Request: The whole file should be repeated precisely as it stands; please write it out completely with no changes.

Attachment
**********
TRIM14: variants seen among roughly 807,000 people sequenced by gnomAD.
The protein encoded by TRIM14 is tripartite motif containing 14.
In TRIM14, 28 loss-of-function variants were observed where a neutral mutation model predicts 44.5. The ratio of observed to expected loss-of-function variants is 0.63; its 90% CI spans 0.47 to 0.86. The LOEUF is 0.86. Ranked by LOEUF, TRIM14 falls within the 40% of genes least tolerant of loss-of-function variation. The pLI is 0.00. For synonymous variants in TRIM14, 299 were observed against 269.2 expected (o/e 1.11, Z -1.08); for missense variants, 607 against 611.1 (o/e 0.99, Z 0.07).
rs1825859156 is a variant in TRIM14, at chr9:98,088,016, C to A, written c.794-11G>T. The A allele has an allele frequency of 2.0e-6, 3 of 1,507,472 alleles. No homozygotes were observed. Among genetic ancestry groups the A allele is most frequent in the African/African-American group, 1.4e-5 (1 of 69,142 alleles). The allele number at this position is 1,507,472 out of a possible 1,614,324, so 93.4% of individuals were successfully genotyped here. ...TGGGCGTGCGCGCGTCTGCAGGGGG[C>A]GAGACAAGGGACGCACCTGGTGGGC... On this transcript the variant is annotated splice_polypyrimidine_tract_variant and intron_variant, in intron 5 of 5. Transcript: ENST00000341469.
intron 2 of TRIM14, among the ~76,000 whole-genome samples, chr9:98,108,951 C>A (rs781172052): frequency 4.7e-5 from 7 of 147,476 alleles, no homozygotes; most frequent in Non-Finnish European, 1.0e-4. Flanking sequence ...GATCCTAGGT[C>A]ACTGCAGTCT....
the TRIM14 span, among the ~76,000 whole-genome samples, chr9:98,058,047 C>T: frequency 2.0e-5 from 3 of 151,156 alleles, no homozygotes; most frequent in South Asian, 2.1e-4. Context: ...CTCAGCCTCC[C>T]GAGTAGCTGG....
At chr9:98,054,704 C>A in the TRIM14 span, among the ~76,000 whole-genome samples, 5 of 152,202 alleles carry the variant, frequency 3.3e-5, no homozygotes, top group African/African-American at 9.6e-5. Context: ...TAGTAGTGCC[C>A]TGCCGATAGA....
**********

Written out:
TRIM14: variants seen among roughly 807,000 people sequenced by gnomAD.
The protein encoded by TRIM14 is tripartite motif containing 14.
In TRIM14, 28 loss-of-function variants were observed where a neutral mutation model predicts 44.5. The ratio of observed to expected loss-of-function variants is 0.63; its 90% CI spans 0.47 to 0.86. The LOEUF is 0.86. Ranked by LOEUF, TRIM14 falls within the 40% of genes least tolerant of loss-of-function variation. The pLI is 0.00. For synonymous variants in TRIM14, 299 were observed against 269.2 expected (o/e 1.11, Z -1.08); for missense variants, 607 against 611.1 (o/e 0.99, Z 0.07).
rs1825859156 is a variant in TRIM14, at chr9:98,088,016, C to A, written c.794-11G>T. The A allele has an allele frequency of 2.0e-6, 3 of 1,507,472 alleles. No homozygotes were observed. Among genetic ancestry groups the A allele is most frequent in the African/African-American group, 1.4e-5 (1 of 69,142 alleles). The allele number at this position is 1,507,472 out of a possible 1,614,324, so 93.4% of individuals were successfully genotyped here. ...TGGGCGTGCGCGCGTCTGCAGGGGG[C>A]GAGACAAGGGACGCACCTGGTGGGC... On this transcript the variant is annotated splice_polypyrimidine_tract_variant and intron_variant, in intron 5 of 5. Transcript: ENST00000341469.
intron 2 of TRIM14, among the ~76,000 whole-genome samples, chr9:98,108,951 C>A (rs781172052): frequency 4.7e-5 from 7 of 147,476 alleles, no homozygotes; most frequent in Non-Finnish European, 1.0e-4. Flanking sequence ...GATCCTAGGT[C>A]ACTGCAGTCT....
the TRIM14 span, among the ~76,000 whole-genome samples, chr9:98,058,047 C>T: frequency 2.0e-5 from 3 of 151,156 alleles, no homozygotes; most frequent in South Asian, 2.1e-4. Context: ...CTCAGCCTCC[C>T]GAGTAGCTGG....
At chr9:98,054,704 C>A in the TRIM14 span, among the ~76,000 whole-genome samples, 5 of 152,202 alleles carry the variant, frequency 3.3e-5, no homozygotes, top group African/African-American at 9.6e-5. Context: ...TAGTAGTGCC[C>A]TGCCGATAGA....